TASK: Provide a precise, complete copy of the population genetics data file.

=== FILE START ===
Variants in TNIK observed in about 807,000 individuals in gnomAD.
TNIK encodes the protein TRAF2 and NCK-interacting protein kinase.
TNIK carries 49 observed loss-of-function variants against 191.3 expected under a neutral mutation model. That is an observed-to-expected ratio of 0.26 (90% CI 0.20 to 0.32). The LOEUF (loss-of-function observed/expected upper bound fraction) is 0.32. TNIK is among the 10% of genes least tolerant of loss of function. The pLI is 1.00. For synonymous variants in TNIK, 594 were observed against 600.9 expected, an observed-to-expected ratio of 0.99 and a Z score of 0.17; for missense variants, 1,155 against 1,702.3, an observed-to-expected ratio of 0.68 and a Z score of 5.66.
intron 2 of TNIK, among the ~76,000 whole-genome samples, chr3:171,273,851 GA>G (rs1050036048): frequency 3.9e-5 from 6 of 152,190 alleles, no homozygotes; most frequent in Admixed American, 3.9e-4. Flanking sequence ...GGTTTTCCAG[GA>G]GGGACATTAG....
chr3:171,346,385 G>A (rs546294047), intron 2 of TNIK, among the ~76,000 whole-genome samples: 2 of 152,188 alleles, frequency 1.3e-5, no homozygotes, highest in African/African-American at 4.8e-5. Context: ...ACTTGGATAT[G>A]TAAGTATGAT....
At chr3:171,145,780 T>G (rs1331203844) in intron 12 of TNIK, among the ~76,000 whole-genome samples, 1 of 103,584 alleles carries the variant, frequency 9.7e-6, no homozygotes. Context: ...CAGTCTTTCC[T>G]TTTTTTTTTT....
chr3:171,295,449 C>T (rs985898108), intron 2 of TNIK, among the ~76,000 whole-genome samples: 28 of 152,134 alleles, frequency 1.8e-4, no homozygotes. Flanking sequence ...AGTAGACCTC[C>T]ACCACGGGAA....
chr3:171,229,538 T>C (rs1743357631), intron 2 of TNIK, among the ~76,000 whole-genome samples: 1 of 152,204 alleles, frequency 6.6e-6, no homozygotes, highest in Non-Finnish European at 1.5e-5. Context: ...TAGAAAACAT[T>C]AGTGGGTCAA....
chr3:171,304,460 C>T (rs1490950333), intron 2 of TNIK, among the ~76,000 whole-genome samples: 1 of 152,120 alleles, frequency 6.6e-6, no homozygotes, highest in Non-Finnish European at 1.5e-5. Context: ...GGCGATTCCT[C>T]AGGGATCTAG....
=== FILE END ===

Variants in TNIK observed in about 807,000 individuals in gnomAD.
TNIK encodes the protein TRAF2 and NCK-interacting protein kinase.
TNIK carries 49 observed loss-of-function variants against 191.3 expected under a neutral mutation model. That is an observed-to-expected ratio of 0.26 (90% CI 0.20 to 0.32). The LOEUF (loss-of-function observed/expected upper bound fraction) is 0.32. TNIK is among the 10% of genes least tolerant of loss of function. The pLI is 1.00. For synonymous variants in TNIK, 594 were observed against 600.9 expected, an observed-to-expected ratio of 0.99 and a Z score of 0.17; for missense variants, 1,155 against 1,702.3, an observed-to-expected ratio of 0.68 and a Z score of 5.66.
intron 2 of TNIK, among the ~76,000 whole-genome samples, chr3:171,273,851 GA>G (rs1050036048): frequency 3.9e-5 from 6 of 152,190 alleles, no homozygotes; most frequent in Admixed American, 3.9e-4. Flanking sequence ...GGTTTTCCAG[GA>G]GGGACATTAG....
chr3:171,346,385 G>A (rs546294047), intron 2 of TNIK, among the ~76,000 whole-genome samples: 2 of 152,188 alleles, frequency 1.3e-5, no homozygotes, highest in African/African-American at 4.8e-5. Context: ...ACTTGGATAT[G>A]TAAGTATGAT....
At chr3:171,145,780 T>G (rs1331203844) in intron 12 of TNIK, among the ~76,000 whole-genome samples, 1 of 103,584 alleles carries the variant, frequency 9.7e-6, no homozygotes. Context: ...CAGTCTTTCC[T>G]TTTTTTTTTT....
chr3:171,295,449 C>T (rs985898108), intron 2 of TNIK, among the ~76,000 whole-genome samples: 28 of 152,134 alleles, frequency 1.8e-4, no homozygotes. Flanking sequence ...AGTAGACCTC[C>T]ACCACGGGAA....
chr3:171,229,538 T>C (rs1743357631), intron 2 of TNIK, among the ~76,000 whole-genome samples: 1 of 152,204 alleles, frequency 6.6e-6, no homozygotes, highest in Non-Finnish European at 1.5e-5. Context: ...TAGAAAACAT[T>C]AGTGGGTCAA....
chr3:171,304,460 C>T (rs1490950333), intron 2 of TNIK, among the ~76,000 whole-genome samples: 1 of 152,120 alleles, frequency 6.6e-6, no homozygotes, highest in Non-Finnish European at 1.5e-5. Context: ...GGCGATTCCT[C>T]AGGGATCTAG....